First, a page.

Gosh. Now there’s a film that doesn’t know quite what it wants to say with its subtext… and ends up saying something rather icky as a result.

I also watched Labyrinth, for what must have been the hundredth time, because it is wonderful and funny – and if you look closely at the scene where they storm the goblin castle, you’ll see there are two pints of milk sitting on the doorstep. How can you not love a film which does this?

[SPOILERS]

[and seriously, if you need a spoiler warning for Labyrinth, you really do need to sort that out. Go and watch it.]

There’s something about the way these films end that bothers me. I’m not the only one, either: during a recent Twitter conversation, someone pointed out that were she in Sarah’s position at the end of Labyrinth, there’s no way she could go back to the normal, everyday world. A heated discussion ensued in which several of us debated the merits of staying in the Goblin Kingdom as Queen (and which inevitably wound up discussing David Bowie’s costume. As you do) but the sticking point was this: in the midst of Jareth’s little speech, he asks her to “Let me rule you,” – which he promptly follows up with “Fear me. Love me. Do as I say.” That’s Jareth all over for you, isn’t it?

The thing, though, is could you go back? Yes, I know it’s all about Sarah taking responsibility for her actions and discovering her power as a young woman rather than as a girl–but… yeah.

Kingdom. Magic castle. Floating bubbles with ballrooms in them. Would you go back to the real world, or would you stay put and arrange for Jareth to fall off a high tower sometime soon…?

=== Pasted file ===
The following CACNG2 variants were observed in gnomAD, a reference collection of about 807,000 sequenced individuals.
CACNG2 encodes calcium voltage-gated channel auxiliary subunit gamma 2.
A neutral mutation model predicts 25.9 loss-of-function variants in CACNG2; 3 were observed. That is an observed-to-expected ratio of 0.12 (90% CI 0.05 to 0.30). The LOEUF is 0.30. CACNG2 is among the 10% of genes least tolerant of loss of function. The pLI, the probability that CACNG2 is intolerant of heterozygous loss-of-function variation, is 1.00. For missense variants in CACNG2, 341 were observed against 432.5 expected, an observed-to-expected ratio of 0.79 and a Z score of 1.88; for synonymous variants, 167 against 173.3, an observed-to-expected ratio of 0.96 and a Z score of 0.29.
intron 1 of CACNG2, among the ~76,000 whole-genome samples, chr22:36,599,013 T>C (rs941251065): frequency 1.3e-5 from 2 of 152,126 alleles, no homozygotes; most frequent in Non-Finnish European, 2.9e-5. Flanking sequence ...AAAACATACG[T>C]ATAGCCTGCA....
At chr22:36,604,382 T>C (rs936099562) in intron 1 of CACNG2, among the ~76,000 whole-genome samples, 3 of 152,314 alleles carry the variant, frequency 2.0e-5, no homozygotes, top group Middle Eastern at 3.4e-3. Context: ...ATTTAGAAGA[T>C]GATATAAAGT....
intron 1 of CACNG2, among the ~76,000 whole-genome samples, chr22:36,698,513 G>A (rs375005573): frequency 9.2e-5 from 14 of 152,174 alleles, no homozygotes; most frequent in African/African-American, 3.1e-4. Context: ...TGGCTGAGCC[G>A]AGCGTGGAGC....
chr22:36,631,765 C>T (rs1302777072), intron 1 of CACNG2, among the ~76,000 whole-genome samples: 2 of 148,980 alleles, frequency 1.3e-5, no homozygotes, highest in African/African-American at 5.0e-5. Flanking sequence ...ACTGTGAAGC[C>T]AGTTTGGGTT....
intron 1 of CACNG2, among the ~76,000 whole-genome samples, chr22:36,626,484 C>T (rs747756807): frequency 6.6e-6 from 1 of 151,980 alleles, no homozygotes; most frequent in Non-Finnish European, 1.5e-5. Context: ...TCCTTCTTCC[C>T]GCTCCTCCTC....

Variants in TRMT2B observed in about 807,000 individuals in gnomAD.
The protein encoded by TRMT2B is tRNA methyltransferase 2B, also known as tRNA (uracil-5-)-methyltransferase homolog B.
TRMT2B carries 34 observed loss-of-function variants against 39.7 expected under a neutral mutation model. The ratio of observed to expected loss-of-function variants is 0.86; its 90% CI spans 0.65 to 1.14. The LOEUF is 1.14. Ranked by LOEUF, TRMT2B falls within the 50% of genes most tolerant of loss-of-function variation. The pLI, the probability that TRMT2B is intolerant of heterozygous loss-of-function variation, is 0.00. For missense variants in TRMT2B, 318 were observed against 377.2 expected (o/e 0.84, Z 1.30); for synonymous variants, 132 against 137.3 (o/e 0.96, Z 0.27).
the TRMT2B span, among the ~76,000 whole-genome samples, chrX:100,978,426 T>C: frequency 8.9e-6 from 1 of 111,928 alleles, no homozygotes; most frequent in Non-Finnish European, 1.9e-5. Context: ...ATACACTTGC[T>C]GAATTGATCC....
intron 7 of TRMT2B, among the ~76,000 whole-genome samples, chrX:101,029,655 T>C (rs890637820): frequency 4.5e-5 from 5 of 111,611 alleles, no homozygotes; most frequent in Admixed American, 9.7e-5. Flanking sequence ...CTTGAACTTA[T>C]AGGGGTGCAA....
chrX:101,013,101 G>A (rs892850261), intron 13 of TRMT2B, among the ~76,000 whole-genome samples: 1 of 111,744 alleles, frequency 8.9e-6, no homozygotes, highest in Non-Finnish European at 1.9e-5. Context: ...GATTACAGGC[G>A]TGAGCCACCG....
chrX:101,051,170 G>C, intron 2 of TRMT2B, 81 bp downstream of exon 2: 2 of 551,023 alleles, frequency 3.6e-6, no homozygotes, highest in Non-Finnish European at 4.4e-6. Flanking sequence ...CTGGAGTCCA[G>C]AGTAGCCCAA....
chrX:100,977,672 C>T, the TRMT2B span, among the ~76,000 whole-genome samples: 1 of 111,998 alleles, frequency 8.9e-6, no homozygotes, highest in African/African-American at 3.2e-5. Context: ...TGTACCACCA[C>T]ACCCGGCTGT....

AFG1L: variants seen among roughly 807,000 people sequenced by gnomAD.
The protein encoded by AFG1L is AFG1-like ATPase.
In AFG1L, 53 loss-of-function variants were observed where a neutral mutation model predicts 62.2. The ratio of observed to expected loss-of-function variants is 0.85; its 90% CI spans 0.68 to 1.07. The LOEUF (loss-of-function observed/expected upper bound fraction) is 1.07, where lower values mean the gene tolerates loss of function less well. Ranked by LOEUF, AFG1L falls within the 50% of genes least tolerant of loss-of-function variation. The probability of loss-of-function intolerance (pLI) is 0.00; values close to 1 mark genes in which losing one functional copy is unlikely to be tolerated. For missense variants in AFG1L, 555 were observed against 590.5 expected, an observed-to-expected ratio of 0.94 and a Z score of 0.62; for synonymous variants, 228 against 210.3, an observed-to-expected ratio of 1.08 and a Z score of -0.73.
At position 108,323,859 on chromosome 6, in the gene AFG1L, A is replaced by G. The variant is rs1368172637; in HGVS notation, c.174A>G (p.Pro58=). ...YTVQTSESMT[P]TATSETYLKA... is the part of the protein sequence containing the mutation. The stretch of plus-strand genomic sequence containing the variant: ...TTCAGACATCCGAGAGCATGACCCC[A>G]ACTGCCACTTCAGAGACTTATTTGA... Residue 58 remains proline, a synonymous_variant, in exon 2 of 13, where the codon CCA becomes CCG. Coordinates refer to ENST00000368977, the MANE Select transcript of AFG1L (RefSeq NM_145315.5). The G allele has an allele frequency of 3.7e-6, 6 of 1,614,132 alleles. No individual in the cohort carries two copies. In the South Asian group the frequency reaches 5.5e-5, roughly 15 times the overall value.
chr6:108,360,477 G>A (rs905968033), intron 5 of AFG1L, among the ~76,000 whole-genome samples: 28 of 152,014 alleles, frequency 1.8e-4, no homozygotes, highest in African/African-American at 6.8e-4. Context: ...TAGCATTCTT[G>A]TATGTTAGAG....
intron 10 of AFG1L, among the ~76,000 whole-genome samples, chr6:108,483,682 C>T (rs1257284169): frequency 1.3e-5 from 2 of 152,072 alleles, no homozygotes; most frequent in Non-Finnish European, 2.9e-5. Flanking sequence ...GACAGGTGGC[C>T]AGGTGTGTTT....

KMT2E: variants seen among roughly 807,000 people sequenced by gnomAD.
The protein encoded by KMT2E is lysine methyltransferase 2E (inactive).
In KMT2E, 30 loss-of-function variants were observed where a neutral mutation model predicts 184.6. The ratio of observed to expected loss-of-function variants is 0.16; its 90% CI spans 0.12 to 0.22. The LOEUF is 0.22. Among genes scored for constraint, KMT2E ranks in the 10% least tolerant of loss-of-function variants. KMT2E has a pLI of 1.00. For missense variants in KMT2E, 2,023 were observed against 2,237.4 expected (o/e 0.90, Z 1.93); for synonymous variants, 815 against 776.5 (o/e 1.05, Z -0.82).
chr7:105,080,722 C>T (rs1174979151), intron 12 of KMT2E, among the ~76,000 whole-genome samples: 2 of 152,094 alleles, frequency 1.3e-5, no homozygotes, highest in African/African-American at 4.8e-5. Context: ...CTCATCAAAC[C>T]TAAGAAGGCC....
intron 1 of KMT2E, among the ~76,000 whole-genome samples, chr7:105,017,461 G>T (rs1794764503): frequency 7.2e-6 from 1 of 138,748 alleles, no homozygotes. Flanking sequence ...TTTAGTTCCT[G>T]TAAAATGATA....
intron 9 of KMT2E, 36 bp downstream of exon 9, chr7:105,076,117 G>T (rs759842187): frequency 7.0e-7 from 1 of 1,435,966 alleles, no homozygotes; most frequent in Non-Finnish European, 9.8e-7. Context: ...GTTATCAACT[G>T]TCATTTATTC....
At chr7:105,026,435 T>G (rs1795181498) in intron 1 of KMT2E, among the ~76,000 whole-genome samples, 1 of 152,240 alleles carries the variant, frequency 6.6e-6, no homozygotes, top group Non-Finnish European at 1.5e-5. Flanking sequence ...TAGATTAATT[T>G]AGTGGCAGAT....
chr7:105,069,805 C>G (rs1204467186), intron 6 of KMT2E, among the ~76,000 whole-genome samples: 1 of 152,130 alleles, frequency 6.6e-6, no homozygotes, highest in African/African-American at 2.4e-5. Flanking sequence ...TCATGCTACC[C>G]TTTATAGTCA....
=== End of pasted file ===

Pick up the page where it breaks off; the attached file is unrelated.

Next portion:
Red Riding Hood has a similar issue, but is much more frustrating. While Labyrinth‘s Sarah is essentially finding her own identity, Red… isn’t. She decides to take on someone else’s, and hole up in her grandmother’s house in the woods.

The problem here is that the narrative is actively set up to discourage this. It literally makes no sense. Everything we have been told in the lead up to those final moments is suddenly chucked out the window, for the sake of… what, exactly? The least satisfying film I’ve seen in a long time. I’m not kidding when I say I actually sat up and shouted at the television at that point. Really shouted at it. I probably would’ve thrown something if I hadn’t known my husband would take a rather dim view me hurling objects at the household electronics…

Here’s the thing (and this is uber, mega, massively spoilery).

We already know that it’s the last night of the blood moon, and that someone bitten will become a werewolf instead of dying. We already know that Peter is the love of Valerie’s life, and they were going to run away together. We already know that Peter has been bitten. We already know that Valerie already has werewolf blood, and that this would make her stronger than previous generations of werewolves were she to be bitten…